A whistleblower lawsuit seeking more than $1 billion in damages from government contractor Navistar Defense LLC has won the support of the U.S. government.
Whistleblower Duquoin Burgess, a former government contracts manager for Navistar Defense, filed the False Claims Act lawsuit on behalf of the U.S. government, alleging the company vastly overcharged the U.S. Marine Corps for suspension modifications on thousands of Mine-Resistant Ambush-Protected (MRAP) vehicles.
According to the whistleblower complaint, Navistar provided 4,000 MRAP vehicles to the U.S. Marine Corps in 2007 for use in Iraq. In 2009, when the focus of the war effort transitioned to Afghanistan, the Marine Corps needed to upgrade the suspension system on the MRAP vehicles to be better equipped to handle Afghanistan’s rough terrain. The original suspensions were made for Iraq’s paved roads and relatively smooth desert surfaces.
While negotiating the contract for the suspension changes, the Marine Corps asked Navistar to provide evidence of prior sales suspension system parts to ensure that the company’s charges were fair and reasonable. But according to the U.S. Department of Justice (DOJ), the whistleblower complaint asserts that Navistar produced bogus invoices falsely showing prior, comparable sales, along with fabricated catalog prices and other false documents.
Navistar submitted fraudulent invoices for “sales that never occurred” to cover up the “wildly” inflated prices it was charging the Marine Corps, the whistleblower lawsuit alleges.
The complaint alleges the Lisle, Illinois-based company, and its executives, including its president and vice president, knew of the fraud. The DOJ estimates Navistar’s scheme cost taxpayers $1.28 billion.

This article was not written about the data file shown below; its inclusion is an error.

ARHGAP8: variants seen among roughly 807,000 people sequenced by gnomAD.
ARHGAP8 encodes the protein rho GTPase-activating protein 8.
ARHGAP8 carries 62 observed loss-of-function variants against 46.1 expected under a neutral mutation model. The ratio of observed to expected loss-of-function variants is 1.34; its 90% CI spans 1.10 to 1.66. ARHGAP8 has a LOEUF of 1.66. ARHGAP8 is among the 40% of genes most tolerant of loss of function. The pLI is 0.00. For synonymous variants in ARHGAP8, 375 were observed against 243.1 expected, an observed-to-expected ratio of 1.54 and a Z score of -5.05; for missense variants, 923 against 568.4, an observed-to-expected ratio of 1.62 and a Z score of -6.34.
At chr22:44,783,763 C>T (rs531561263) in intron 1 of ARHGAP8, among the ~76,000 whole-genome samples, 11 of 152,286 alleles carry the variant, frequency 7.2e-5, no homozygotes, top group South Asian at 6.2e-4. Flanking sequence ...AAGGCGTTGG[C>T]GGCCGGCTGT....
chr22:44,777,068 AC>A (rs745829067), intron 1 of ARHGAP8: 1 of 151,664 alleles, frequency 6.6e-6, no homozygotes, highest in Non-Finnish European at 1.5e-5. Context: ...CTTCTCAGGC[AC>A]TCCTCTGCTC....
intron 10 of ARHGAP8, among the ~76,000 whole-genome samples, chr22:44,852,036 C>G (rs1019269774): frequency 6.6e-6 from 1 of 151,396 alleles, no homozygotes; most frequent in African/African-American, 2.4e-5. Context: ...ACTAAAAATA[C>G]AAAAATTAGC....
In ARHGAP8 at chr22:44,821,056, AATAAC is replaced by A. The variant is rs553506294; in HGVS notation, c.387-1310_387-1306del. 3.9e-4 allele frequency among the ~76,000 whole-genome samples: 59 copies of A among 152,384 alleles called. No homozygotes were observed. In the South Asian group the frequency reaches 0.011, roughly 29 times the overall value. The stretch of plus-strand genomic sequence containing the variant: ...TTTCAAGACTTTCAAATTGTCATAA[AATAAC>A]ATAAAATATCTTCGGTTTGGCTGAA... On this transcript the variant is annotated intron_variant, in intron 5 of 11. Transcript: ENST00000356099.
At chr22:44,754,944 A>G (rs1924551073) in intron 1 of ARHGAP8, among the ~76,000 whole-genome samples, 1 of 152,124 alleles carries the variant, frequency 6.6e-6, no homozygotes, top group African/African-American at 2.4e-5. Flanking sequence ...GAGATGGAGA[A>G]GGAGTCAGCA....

The DOJ investigated the whistleblower’s claims, as it is obligated to do in False Claims Act cases, and chose to intervene, meaning the government will be actively involved in litigation. Although False Claims Act cases can proceed without the government’s active participation, intervention drastically increases the case’s success. In fact, 95% of False Claims Act cases brought by whistleblowers result in a successful recovery when the government intervenes.
Whistleblowers whose False Claims Act cases lead to recovery receives 15% to 25% of the total judgment or settlement as their award or as much as 30% in cases that proceed without the government’s intervention.
“Through rigorous enforcement of the False Claims Act, we protect taxpayer dollars from waste, fraud, and abuse,” said U.S. Attorney Jessie K. Liu for the District of Columbia. “We expect the utmost integrity and reliability from the contractors that design and build equipment that is meant to ensure that our men and women in uniform are adequately protected as they serve our country.”
Beasley Allen has an experienced group of lawyers dedicated to handling whistleblower cases. Lawyers on our whistleblower litigation team are Larry Golston, Lance Gould, Paul Evans, Leon Hampton, Tyner Helms, and Lauren Miles.